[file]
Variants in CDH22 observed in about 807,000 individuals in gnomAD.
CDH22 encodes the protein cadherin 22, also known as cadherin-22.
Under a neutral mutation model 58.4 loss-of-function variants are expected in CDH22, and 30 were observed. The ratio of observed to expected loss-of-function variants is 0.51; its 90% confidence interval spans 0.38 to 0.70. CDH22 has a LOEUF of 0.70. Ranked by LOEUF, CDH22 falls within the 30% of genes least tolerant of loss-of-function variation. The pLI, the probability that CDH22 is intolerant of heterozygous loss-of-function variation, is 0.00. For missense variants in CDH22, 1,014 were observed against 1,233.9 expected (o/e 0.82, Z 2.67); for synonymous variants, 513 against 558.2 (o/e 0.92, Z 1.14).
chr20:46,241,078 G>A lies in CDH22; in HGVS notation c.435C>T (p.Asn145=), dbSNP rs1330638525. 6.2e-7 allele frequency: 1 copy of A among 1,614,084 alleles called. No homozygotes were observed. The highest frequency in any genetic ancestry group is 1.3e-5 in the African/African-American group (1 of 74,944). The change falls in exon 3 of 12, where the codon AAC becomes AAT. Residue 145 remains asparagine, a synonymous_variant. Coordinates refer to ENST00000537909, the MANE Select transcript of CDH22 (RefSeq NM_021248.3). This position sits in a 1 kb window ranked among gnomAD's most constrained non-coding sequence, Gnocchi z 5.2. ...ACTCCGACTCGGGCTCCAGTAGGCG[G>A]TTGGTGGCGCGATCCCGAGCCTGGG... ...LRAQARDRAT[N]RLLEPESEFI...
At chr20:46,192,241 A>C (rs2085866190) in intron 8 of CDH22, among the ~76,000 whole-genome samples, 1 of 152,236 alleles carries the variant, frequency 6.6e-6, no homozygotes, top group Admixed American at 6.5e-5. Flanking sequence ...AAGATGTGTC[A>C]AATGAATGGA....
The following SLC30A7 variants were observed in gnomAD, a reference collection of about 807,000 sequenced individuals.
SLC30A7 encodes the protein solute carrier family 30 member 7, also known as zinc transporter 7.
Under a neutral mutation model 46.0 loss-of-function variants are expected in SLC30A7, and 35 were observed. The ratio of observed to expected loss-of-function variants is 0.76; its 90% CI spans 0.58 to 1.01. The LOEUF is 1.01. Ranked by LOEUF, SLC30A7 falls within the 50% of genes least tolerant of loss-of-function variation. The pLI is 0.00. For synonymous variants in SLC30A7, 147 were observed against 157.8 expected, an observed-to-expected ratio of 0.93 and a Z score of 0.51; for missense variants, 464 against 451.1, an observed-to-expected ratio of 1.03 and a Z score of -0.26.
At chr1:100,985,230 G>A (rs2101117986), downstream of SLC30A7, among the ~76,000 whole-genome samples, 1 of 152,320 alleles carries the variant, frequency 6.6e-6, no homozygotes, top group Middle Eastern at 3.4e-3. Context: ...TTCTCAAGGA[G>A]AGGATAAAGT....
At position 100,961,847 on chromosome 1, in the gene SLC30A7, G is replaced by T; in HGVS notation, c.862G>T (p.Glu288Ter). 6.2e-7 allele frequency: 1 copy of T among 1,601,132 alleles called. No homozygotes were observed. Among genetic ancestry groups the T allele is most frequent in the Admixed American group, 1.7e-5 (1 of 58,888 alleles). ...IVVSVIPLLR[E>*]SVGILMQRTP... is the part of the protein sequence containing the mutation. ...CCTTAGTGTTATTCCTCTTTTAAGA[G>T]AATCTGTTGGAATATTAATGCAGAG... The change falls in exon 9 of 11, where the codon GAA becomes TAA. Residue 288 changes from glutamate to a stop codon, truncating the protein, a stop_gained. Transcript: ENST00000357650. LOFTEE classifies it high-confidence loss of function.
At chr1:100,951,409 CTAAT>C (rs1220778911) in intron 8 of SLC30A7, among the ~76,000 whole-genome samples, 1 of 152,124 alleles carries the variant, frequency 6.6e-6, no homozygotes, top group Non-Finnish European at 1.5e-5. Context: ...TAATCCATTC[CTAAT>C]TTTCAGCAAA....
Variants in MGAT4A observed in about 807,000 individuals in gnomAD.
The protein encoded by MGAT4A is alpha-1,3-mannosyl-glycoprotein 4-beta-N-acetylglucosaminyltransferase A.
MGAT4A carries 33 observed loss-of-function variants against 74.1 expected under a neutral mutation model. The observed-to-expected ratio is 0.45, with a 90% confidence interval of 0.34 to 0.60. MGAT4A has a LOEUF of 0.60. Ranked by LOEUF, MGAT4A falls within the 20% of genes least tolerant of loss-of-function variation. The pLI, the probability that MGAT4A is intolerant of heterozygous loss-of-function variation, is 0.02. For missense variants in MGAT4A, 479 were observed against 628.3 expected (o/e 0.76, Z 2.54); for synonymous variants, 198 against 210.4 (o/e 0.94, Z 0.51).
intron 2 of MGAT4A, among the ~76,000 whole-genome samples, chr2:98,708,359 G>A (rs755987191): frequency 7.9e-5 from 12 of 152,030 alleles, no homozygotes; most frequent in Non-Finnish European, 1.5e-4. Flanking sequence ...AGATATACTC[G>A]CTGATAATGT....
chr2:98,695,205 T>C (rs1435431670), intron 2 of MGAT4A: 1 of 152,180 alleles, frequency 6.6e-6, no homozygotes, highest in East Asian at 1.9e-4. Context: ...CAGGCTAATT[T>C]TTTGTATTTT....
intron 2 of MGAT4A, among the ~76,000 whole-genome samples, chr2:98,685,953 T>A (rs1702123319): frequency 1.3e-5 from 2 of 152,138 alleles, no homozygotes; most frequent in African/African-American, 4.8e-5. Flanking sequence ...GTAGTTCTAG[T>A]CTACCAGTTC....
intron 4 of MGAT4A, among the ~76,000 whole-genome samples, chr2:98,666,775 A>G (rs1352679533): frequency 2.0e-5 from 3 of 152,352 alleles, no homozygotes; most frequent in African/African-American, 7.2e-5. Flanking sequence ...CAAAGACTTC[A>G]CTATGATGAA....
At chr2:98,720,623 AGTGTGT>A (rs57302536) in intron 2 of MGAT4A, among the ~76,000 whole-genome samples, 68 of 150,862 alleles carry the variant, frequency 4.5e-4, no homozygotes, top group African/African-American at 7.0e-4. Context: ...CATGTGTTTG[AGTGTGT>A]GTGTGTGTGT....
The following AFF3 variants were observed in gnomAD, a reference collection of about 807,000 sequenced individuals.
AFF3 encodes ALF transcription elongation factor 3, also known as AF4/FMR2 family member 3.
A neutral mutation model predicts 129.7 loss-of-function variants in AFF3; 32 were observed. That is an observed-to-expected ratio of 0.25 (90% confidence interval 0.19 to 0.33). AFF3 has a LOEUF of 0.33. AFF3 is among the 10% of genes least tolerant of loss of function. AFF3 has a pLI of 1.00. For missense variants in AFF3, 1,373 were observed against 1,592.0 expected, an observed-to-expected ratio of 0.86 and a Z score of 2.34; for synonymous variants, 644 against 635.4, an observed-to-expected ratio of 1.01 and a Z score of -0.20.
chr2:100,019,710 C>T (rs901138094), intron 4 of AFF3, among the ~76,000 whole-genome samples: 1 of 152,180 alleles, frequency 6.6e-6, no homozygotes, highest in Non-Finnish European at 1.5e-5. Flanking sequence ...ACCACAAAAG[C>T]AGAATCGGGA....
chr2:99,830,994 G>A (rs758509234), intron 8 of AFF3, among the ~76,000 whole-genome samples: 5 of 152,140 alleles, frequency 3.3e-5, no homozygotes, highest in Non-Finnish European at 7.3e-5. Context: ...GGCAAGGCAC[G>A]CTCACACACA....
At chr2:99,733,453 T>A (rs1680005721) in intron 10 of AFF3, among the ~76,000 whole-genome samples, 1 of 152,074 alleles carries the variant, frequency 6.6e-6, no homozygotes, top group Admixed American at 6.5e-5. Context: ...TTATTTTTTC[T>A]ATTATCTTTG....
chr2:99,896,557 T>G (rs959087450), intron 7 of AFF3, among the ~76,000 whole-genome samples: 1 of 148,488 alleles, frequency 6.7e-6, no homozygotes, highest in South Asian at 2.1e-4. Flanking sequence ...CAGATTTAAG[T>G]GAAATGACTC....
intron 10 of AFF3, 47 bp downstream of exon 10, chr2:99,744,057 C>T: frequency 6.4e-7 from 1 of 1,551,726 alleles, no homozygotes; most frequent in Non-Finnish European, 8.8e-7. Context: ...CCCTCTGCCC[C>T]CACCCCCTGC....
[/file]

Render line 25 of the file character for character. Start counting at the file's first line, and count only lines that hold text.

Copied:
At chr2:99,733,453 T>A (rs1680005721) in intron 10 of AFF3, among the ~76,000 whole-genome samples, 1 of 152,074 alleles carries the variant, frequency 6.6e-6, no homozygotes, top group Admixed American at 6.5e-5. Context: ...TTATTTTTTC[T>A]ATTATCTTTG....